Civil War Memorials unveiled at Veterans National Memorial Shrine and Museum
Unmarked grave identified as fallen veteran
FORT WAYNE, Ind. (WPTA) - On Saturday, three Civil War Memorials were unveiled in part thanks to the Veterans National Memorial Shrine and Museum.
The first helped solve a mystery of an unmarked grave at Lindenwood Cemetery.
Daniel H. Amsden served in the Company B 12th Indiana Cavalry. Amsden was from Ligonier and was visiting Fort Wayne when he passed. He was buried in an unmarked grave in 1881. Thanks to genealogy, cemetery officials, and Tom Schmitt from the Veterans Memorial Shrine and Museum Amsden, he was identified.
A headstone was purchased and unveiled in front of Amsden’s family. His great-great-granddaughter, Rebecca Pressler says the family believes he died of smallpox. Due to the times, she believes Amsden was buried in Fort Wayne. Saturday was believed to be his first funeral.
Once the ceremony was finished, the group was invited to the Veterans National Memorial Shrine and Museum. There, officials held a second ceremony to dedicate two new Civil War Memorials.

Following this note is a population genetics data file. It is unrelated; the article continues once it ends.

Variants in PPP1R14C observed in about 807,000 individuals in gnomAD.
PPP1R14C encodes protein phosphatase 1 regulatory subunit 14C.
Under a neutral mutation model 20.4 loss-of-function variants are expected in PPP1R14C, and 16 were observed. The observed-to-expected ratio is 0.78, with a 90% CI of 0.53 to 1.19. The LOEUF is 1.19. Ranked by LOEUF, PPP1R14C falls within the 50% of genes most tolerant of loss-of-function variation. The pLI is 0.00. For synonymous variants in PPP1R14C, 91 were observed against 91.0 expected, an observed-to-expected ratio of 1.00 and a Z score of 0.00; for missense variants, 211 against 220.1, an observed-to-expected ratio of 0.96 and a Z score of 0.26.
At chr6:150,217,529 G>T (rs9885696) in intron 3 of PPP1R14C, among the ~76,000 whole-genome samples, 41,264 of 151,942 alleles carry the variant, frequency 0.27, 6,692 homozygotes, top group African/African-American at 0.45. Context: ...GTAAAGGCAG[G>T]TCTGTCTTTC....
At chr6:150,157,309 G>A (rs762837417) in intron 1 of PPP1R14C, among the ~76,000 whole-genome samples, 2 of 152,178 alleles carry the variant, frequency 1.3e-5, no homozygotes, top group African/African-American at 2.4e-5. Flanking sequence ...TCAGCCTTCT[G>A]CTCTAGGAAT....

The first was a ‘Sultana Monument’ to honor the United State’s worst maritime disaster in history. Mere weeks after the Civil War came to an end, the steamboat, Sultana exploded and sank in the Mississippi River, killing an estimated 1,700 Union soldiers who were released from a prisoner of war camp on their way home.
The second monument was dedicated to those who served in the Civil War. The 6-foot-high black granite monument was dedicated by Chris Bickel in honor of her late husband Glen.
Near the end of the ceremony, officials with the Lindenwood Cemetery presented a check to help install and create a fourth Civil War Monument. Once complete, the monument will honor Mother George, the Indiana nurse who joined the Army Nurse Corps, at 54 years old.
To learn more about the Veterans National Memorial Shrine and Museum click here.
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